Rosalee - posted on 02/05/2010

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I am a public school Pre-K teacher. I am amazed at the number of children that come through our doors that do not know how to sit down at a table and properly feed themselves. I have had a range of "eating" disorders from not knowing/wanting to use the fork,. not able to sit at the table properly, talking with food in their mouth, stuffing food in their mouth, taking food off others trays etc. Table manners would be a great place to start. Also, I can easily tell the children who have had great experiences in reading with an adult by the way they sit and listen to stories read aloud. Reading is one of the greatest gifts you can give a child... of any age!

Brandy - posted on 02/05/2010

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I am a Pre-K teacher...introduce him to counting, colors, and shapes. Letter sounds if you think he is ready. You can also work with him on name recognition (the first letter of his name). Most importantly, getting along with others and following directions! Do it in a way that goes along with your daily routine! Play fun sensory activities and make up songs to go along! :)

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I would recommend that the little ones visit the pre-school they are slated to attend after they leave your home daycare...It will help both parents and kids to get a feel of where they will be going off to everyday - so it's not a shock to their system...In terms of "teaching" them so they can be ready is...a crap shoot:-) I find that in most cases it's the "parents" that aren't quite ready for pre-school:-) The kids do just fine...One biggie is making sure they can go to the toilet on their own - from getting on the toilet to pulling up/down their underwear to wiping their private parts to washing their hands!

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Also, coloring, working with playdough, scissors when appropriate, stuff that build hand muscles. Stimulate their brains in many ways, visually, tactile, auditory, through motor experiences (learning by doing)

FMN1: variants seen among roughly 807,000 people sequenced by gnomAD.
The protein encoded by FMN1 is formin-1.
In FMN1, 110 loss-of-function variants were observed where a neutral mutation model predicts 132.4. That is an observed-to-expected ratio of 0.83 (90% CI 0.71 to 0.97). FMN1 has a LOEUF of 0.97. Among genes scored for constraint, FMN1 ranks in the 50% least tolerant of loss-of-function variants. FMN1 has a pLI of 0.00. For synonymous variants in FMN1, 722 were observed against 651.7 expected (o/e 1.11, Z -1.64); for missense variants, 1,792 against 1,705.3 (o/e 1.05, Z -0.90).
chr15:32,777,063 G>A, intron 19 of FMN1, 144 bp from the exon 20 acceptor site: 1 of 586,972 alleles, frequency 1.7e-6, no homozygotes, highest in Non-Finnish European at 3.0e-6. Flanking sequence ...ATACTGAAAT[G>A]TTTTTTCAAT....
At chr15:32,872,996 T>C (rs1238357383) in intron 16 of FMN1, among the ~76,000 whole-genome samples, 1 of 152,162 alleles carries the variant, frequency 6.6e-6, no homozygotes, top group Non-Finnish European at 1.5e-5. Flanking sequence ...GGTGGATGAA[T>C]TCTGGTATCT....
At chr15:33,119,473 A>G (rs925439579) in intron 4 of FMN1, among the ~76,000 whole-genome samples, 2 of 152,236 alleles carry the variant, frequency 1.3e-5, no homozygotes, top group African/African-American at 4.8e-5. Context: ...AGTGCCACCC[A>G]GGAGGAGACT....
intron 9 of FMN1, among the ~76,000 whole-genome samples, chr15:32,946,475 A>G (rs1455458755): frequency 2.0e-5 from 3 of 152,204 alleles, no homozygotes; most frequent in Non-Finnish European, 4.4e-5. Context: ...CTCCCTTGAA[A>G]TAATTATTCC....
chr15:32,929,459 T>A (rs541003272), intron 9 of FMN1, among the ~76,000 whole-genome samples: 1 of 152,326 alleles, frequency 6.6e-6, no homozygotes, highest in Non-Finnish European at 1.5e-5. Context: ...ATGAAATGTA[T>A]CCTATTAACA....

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Read to them every day. That will help them to develop a love and a thrist for learning. Just teach them to explore and think. Teach them how to share, sit at the table, help, and all social skills. You can expose them to counting, count everything. Show them the letters of the alphabet . But don't stress if they can't recite their ABC's Make learning a part of their every day live. Encourage them to be active and enjoy a healthy lifestyle. Songs are a great teaching tool. Try Googling Dr. Jean. She is awsome.

Paula - posted on 02/04/2010

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Hello Nancy! Practice having them sit in a circle if only for a few seconds, increase the time until they can sit for a two minute period. Also I am sure that your daycare may not have the amount of staff that a pre-school would and some children become shy around that many adults. Visiting a pre-school prior to enrolling and doing a stay and play may help to calm both your little ones and your own nerves. You can use puppets to help introduce new centers to them (to explore colors and textures, etc.) and you can never go wrong teaching them the alphabet, counting from 1-10 and this one is my favorite the use of manners. Create a Mr.Mannerly puppet and explain when to use please and thank you. Also having the child potty trained is a big plus! Some pre-schools require it.

Alice - posted on 02/03/2010

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I agree with you Kathleen. I think we are pushing our children faster and harder than ever before to learn certain things. I think that playing and having fun should be a natural process and not over done with a list of skills that we feel good about or can brag about to others. Children are natural learners so just provide them with a lot of diverse opportunities to play and join them as much as you can.

Kathleen - posted on 02/03/2010

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Hello Nancy, Being a Preschool Teacher for the past 15 years, I wanted to respond to your question, but after reading Ani's reply I have nothing to say :) Her reply was exactly what I would have said. I was concerned when I read all the posts about the things children should know/be able to do before they come to preschool. Sometimes I feel we forget what "Pre" school is for. Children learn best through play and when we value them, their interests, thoughts and ideas. I guess I just want to say let them be children and have fun.

Nakima - posted on 02/02/2010

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I would suggest lots of practice with pencils and crayons, and LOTS of reading time. Reading to him, reading with him, and having him read to you - even if he's only "reading" the pictures!

Elaine - posted on 02/02/2010

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I think that helping kids to love learning is a wonderful thing! At that age and every age routine and structure is vital! Havinga routine or schedule helps kids as early as preschool age to be more co-operative and assists in event transition. Structure helps kids to feel safe, confident and in control... giving them a good and happy day! ( have been a school teacher for a long time. If you'd like, check out www.EasyDaysies.com)

Ani - posted on 02/01/2010